Friday, June 10, 2011

Efficiency Vs Cost trade-off in infrastructure

Conventional wisdom would have it that governments are not only very inefficient but also expensive in delivering public services. It is also widely believed that private sector is not only more efficient but can also deliver the same service more cheaply. In other words, in contrast with the private sector, government service delivery offers the worst of both worlds - inefficient and expensive. How does this conception square up with reality?

The cost-efficiency curves for a typical market for public service delivery in developing countries would look something like in the graph below.

Atleast for the short term (given the same investments), the cost of delivering a service at the same efficiency is much higher in the private sector than the public sector. See this, this and this (there are many more other reasons). This raises the issue of whether people are willing to pay the higher prices required to access these basic public services.

However, certain markets are more amenable for private contracting. The curves for such markets would look like this

In these markets, to achieve efficiency beyond certain point, Ee, the private sector is easily more cost-effective than the government. In such cases, beyond a basic minimum level of efficiency, Ee, the private sector can achieve the same efficiency as government, Eg, at far less cost than government (P1-P2).

In conclusion, public provision of services may be more cost-effective in most public infrastructure services. However, if the private sector is made to deliver the same services, at greater efficiency, that would have to come with a cost. In the absence of willingness of users to pay the higher price, governments may have to bear the higher cost of these services by subsidizing service delivery.

But in certain infrastructure services like airports, ports, power generation, and telecoms, which are single location services, involve considerable professional expertise in their management, and where cost recovery is possible (due to the economic profile of its users), it may be prudent to rely on private providers. They can deliver such services in a more cost-effective manner than government service providers.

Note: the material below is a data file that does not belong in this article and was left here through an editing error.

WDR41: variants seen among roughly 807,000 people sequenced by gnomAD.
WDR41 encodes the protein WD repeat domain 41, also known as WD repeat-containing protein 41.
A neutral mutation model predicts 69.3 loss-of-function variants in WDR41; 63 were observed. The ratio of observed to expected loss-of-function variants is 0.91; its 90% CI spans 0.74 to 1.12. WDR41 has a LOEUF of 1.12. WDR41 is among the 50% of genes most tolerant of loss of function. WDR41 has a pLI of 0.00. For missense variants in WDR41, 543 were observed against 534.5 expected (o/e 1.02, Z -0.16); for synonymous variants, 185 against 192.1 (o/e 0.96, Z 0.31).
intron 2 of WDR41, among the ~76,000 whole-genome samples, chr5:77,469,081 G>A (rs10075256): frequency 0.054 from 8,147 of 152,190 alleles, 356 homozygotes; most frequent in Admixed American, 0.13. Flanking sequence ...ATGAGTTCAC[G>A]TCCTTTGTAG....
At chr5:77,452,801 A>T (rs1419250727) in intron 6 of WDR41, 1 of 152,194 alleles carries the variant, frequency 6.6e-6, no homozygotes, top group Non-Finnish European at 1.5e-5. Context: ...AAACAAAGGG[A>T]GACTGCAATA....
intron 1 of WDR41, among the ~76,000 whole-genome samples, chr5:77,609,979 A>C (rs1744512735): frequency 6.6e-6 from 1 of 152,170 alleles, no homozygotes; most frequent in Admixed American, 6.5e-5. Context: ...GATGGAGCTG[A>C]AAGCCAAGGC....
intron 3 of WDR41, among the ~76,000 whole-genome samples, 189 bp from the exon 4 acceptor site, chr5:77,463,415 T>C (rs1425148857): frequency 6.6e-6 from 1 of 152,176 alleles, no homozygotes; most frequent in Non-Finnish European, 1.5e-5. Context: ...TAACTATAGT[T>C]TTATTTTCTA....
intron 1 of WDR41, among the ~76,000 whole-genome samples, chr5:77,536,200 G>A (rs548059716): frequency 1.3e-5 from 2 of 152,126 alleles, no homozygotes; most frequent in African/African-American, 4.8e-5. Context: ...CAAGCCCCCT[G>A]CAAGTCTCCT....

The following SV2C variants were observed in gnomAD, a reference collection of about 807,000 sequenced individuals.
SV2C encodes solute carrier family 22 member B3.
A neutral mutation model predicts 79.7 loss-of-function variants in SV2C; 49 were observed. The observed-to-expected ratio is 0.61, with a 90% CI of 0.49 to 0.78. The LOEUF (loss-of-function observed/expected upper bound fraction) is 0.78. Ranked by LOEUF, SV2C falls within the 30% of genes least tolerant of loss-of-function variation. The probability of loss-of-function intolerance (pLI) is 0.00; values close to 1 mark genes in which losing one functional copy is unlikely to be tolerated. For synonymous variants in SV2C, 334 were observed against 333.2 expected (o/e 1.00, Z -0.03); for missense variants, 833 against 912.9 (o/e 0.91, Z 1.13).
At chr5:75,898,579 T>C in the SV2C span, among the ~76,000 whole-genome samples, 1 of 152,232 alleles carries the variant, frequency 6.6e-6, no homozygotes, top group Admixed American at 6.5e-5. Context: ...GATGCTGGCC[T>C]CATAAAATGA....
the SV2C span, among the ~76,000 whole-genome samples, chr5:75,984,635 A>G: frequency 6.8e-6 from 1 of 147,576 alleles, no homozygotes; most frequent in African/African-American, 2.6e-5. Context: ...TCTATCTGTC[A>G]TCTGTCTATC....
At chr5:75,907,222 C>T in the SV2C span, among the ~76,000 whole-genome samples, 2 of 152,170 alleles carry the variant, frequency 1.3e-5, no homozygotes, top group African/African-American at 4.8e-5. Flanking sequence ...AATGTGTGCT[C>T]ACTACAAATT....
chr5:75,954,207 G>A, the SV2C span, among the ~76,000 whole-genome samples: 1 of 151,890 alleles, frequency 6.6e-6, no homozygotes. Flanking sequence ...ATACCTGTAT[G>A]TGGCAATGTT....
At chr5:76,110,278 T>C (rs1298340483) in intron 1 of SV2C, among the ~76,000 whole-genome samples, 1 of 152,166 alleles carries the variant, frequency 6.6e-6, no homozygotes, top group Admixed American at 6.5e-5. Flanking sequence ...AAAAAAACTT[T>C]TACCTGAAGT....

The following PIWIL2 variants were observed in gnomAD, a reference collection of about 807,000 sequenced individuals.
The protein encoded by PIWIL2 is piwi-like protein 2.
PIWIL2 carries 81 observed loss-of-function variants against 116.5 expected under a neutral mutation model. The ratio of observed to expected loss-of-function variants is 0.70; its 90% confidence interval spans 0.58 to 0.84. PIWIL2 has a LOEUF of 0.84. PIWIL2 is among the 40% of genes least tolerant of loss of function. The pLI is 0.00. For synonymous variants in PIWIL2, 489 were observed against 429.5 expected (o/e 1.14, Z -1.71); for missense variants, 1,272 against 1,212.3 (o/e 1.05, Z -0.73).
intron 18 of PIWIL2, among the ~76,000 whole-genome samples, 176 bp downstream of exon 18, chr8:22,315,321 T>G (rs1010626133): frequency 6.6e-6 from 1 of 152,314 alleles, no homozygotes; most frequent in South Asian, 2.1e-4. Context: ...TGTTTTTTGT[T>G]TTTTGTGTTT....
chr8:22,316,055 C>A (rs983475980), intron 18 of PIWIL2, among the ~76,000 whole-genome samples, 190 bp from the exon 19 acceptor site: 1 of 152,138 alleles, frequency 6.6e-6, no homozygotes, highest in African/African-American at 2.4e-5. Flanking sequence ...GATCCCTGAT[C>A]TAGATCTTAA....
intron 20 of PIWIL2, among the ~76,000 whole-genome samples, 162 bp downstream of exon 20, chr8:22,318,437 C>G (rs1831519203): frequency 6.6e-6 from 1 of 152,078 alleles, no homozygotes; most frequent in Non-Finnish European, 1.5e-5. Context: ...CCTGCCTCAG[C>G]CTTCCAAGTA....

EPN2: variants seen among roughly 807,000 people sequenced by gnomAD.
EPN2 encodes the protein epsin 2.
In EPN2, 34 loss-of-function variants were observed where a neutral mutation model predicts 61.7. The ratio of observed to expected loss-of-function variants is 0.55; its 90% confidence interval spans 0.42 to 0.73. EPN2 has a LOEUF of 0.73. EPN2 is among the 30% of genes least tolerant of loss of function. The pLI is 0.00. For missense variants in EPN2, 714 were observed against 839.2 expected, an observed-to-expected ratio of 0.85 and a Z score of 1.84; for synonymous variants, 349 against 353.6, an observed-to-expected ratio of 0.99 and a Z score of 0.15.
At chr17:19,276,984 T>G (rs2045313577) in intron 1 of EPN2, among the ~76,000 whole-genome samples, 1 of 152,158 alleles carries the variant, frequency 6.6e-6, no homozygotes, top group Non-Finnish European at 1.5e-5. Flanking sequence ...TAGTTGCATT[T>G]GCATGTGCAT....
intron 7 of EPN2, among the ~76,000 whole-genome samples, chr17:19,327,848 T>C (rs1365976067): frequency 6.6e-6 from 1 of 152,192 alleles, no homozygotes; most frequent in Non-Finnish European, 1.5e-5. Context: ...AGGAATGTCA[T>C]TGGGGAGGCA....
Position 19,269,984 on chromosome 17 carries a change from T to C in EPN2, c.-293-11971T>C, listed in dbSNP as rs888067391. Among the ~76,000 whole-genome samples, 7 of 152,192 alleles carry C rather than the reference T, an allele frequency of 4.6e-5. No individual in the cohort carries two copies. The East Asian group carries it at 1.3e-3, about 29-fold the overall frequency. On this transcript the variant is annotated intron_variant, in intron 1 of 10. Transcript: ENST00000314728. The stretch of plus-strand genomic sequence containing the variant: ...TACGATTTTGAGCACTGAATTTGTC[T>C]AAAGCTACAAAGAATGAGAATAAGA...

PS: The graphs are intuitive representation and not based on any data.


KP said...

Dear Gulzar,

my thoughts,

The principle underlying the preference for private sector participation is as follows -

1. skill creation and efficiency related upgradation is of vital interest to the private sector - since the ability to extract larger share of surplus is through higher pricing and/or higher efficiency.

2. A well functioning government body should be in a better position to enforce contracts and service level agreements with the private sector, which is better the government regulating itself as a regulator and provider of the service. ( I don't see elections as an appropriate response mechanism to correct badly maintained roads / filthy streets)

3. Between the private sector extracting a larger profit and a bureaucracy extracting a larger rent (mostly through inefficiency) - we should in principle prefer the former.

In the process of opening up larger sectors of the economy to the private sector, we should hopefully create a more vigorous market that will fill the gap in capacity that you have highlighted (large project skills / resources).

Since our current level of public oversight over public funds ( and the fund managers) is so minimal - the preference is to create a competitive market.

The initial steps - that you are taking - will hopefully be the way forward and create a template. ( afer all the transfer of such services to the private sector is also an opportunity to create new vested interests and requires careful steps).

So whether single location or otherwise - delivery expertise should be from the private sector and regulatory frameworks and enforcement should belong to the government.


Urbanomics said...

excellent! I agree with everything you say.

it is a matter of great concern that government agencies have very limited capability to formulate and manage contracts, leave alone enforcement. i am not sure whether governments even today recognize the increasing importance of building capacity to manage contracts.

the point about choosing excessive profit seeking by the private sector over bureaucratic rent-seeking and inefficiencies is important. for one, it implicitly recognizes the inevitability of wastage and excesses in large project implementation.

more importantly, there may be some very interesting dynamics at work here. india's polity and society has an inherent tolerance for bureaucratic inefficiency and deep hostility to private profiteering. this environment sets the stage for a mutually beneficial and close nexus between private interests and the politician/bureaucrat.

the danger with this scenario is that we could end up with the worst of both worlds - inefficiency and profiteering. after all if the relationship develops in such a environment, the incentives of the private parties also get mis-aligned - poor quality works, high project costs, not so competent bidders etc. a low-efficiency equilibrium develops. and this is happening in many sectors in the country today.